Armyworms and cutworms feed mainly on gramineous hosts and are persistent pests of turfgrass areas and occasional pests of pasture. In the United States the species of armyworm most likely to attack tall fescue is the fall armyworm [Spodoptera frugiperda (J.E. Smith)] (Fig. 9-15). Foliage feeding by this species causes damage in sporadic and sometimes severe outbreaks in the southeastern and Gulf states in late summer and fall. Other species of armyworm in the United States, such as Mythimna unipuncta (Haworth), are more likely to attack field crops of small grains rather than fescue but occasionally occur in turf. In Australia and New Zealand, species of armyworm have the potential to attack tall fescue in pasture, but damage from these species has not been recorded.


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Fig. 9-15. Spodoptera frugiperda. Top left: larva (photo: Fred Baxendale), top right: mature armyworm (photo: Doug Richmond); bottom: damage to tall fescue (photo: Fred Baxendale).


Fig. 9-16. Black cutworms, Agrotis ipsilon (photos: Doug Richmond, Fred Baxendale).


The black cutworm [Agrotis ipsilon (Hufnagel)] (Fig. 9-16) is a worldwide pest in turf but seldom reaches sufficient population densities to cause damage in pasture. Cutworms are subterranean insects and are so-called because of their habit of severing tillers at the base and taking them into their burrows. Their preferred food is creeping bentgrass [Agrostis stolonifera var. palustris (Huds.) Farw.], but tall fescue is an alternative host (Williamson and Potter, 1997).

Effect of Endophyte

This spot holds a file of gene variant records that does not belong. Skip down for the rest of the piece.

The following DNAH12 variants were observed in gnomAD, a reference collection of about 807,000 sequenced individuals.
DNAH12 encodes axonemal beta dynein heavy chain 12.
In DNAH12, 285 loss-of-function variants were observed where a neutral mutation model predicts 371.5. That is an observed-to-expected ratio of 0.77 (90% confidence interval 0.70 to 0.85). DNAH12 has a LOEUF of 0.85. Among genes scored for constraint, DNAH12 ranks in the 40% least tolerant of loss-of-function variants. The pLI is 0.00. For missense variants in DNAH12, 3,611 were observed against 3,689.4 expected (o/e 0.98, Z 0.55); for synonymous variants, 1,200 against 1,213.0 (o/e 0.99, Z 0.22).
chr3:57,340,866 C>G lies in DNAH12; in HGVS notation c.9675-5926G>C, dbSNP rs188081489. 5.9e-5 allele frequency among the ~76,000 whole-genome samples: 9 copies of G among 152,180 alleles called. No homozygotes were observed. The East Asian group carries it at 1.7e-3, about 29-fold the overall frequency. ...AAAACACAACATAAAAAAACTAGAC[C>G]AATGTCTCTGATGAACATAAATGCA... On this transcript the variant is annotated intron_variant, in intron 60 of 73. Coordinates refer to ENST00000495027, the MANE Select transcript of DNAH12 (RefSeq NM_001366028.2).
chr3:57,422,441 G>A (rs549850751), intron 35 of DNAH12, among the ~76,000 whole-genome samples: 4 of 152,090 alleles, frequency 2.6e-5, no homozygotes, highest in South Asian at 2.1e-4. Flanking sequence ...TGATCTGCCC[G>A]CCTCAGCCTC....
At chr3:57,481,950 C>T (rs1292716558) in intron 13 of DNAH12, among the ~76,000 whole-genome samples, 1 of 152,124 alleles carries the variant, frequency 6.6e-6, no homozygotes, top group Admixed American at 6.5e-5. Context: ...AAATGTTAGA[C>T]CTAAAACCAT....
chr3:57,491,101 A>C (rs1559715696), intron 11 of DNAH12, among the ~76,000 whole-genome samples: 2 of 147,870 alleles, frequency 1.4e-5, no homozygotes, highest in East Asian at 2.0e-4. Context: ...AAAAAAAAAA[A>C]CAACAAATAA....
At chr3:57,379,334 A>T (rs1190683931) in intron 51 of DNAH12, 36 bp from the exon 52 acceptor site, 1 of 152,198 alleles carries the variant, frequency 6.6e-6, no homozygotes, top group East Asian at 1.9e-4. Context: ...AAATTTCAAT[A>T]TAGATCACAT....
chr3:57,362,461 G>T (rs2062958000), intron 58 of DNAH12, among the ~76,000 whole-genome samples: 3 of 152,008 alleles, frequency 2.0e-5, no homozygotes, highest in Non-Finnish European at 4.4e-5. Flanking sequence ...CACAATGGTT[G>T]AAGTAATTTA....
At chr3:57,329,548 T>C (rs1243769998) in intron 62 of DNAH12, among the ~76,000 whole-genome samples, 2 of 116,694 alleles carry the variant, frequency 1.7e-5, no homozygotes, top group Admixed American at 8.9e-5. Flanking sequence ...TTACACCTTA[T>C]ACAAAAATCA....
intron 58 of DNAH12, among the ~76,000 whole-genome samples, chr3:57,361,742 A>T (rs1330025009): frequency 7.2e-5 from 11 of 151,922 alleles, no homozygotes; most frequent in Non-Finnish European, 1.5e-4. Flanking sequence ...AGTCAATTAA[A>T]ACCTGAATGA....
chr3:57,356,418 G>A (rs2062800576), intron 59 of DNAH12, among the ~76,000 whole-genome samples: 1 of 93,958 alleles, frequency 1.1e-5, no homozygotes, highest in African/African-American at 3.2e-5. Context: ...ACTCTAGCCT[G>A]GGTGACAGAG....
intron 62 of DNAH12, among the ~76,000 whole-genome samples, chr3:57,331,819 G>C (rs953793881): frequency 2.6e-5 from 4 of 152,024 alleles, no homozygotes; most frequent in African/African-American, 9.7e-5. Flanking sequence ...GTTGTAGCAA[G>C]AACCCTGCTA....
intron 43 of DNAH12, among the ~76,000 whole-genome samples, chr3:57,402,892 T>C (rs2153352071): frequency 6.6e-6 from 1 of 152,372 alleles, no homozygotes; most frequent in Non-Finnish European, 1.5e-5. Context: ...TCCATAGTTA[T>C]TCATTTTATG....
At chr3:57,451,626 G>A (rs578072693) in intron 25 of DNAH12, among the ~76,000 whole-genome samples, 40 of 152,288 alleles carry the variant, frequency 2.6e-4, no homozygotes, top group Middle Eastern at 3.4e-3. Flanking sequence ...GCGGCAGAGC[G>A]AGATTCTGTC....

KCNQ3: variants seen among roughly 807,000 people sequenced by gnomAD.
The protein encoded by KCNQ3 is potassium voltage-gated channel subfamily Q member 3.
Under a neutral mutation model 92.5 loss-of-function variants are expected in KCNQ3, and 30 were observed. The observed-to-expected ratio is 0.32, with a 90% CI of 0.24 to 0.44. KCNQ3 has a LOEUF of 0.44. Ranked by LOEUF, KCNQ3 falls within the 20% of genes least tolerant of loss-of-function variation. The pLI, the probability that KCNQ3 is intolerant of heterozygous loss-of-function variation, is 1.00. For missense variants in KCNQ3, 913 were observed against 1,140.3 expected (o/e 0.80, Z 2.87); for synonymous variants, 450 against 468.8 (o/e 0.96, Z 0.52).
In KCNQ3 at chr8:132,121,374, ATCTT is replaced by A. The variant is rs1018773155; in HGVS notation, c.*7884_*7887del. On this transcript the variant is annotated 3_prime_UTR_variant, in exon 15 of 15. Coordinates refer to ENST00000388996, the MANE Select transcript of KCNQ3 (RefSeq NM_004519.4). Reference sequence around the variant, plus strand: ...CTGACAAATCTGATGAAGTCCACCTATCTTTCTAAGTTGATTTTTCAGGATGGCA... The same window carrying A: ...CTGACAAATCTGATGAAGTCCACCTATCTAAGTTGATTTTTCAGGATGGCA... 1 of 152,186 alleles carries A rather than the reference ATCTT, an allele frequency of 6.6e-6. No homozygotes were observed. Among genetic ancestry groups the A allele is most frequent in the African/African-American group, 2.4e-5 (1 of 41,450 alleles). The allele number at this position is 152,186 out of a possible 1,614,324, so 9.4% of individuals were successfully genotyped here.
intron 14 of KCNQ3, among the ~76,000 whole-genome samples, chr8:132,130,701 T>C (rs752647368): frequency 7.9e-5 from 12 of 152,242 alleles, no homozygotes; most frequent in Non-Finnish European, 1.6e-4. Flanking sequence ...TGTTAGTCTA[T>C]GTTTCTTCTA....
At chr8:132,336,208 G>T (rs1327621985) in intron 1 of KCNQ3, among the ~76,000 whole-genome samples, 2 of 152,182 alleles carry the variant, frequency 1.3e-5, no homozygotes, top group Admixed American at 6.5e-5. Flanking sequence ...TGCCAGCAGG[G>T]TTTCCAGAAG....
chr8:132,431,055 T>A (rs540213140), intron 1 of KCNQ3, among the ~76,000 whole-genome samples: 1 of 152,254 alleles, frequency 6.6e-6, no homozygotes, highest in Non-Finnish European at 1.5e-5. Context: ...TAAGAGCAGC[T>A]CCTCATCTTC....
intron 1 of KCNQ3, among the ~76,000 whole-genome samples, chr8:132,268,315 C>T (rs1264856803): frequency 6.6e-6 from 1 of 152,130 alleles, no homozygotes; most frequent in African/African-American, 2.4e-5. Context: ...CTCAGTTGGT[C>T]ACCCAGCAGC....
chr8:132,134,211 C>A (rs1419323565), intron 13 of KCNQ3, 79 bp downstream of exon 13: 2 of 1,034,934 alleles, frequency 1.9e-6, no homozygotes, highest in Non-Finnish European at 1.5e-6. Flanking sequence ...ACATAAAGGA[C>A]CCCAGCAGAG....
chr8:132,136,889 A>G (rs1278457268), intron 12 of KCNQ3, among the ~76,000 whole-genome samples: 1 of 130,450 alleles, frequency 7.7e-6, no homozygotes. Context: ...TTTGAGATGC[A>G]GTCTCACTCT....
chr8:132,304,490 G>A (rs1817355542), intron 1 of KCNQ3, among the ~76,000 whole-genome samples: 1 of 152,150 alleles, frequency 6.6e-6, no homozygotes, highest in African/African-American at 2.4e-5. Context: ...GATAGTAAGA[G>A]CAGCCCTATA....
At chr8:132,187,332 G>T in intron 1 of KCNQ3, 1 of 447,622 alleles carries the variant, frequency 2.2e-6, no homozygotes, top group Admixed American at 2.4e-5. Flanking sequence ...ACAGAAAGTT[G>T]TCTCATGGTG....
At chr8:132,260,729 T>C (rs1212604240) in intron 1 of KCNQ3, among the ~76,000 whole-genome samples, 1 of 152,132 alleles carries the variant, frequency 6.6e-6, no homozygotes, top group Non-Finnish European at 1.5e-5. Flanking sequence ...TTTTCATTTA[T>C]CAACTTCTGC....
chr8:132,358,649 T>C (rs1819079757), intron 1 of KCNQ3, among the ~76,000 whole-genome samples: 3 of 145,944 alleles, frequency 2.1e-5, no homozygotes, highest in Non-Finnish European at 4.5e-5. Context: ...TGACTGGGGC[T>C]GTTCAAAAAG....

Weight gain and development rate of the fall armyworm can be reduced by endophyte infection of tall fescue (Clay et al., 1985, 1993; Hardy et al., 1986). The effect appeared to be age-related, with neonates exhibiting a preference for uninfected leaves, whereas fourth instars consumed equal amounts of E+ and E- material (Hardy et al., 1986). Herbivory by fall armyworm increased the competitiveness of E+ tall fescue relative to orchardgrass (Dactylis glomerata L.) with which it is otherwise a poor competitor (Clay et al., 1993). The loline and the ergot alkaloids may contribute to the response of fall armyworm to endophyte (Clay and Cheplick, 1989; Riedell et al., 1991), but neither of these is essential for resistance (Jones et al., 1997). Other studies, however, have failed to show any major effects of N. coenophialum infection on fall armyworm. Breen (1993b) found no effect on consumption, weight, survival, or development time of third instars, whereas Bultman and Conard (1998) reported a negative effect only on pupal mass and found that endophyte infection increased larval mass and accelerated development. Ball et al. (2006) evaluated several endophyte strains in tall fescue for their effects on fall armyworm. While the fall armyworm larvae showed a feeding preference for E- tall fescue over tall fescue infected with some of the endophyte strains, there were no consistent effects on fall armyworm growth and development. Larval age also influenced the response of the true armyworm, M. unipuncta, to endophyte (Eichenseer and Dahlman, 1993). Endophyte infection of tall fescue appeared to have little or no adverse effects on black cutworm weight gain and development even in trials with neonate larvae (Williamson and Potter, 1997).


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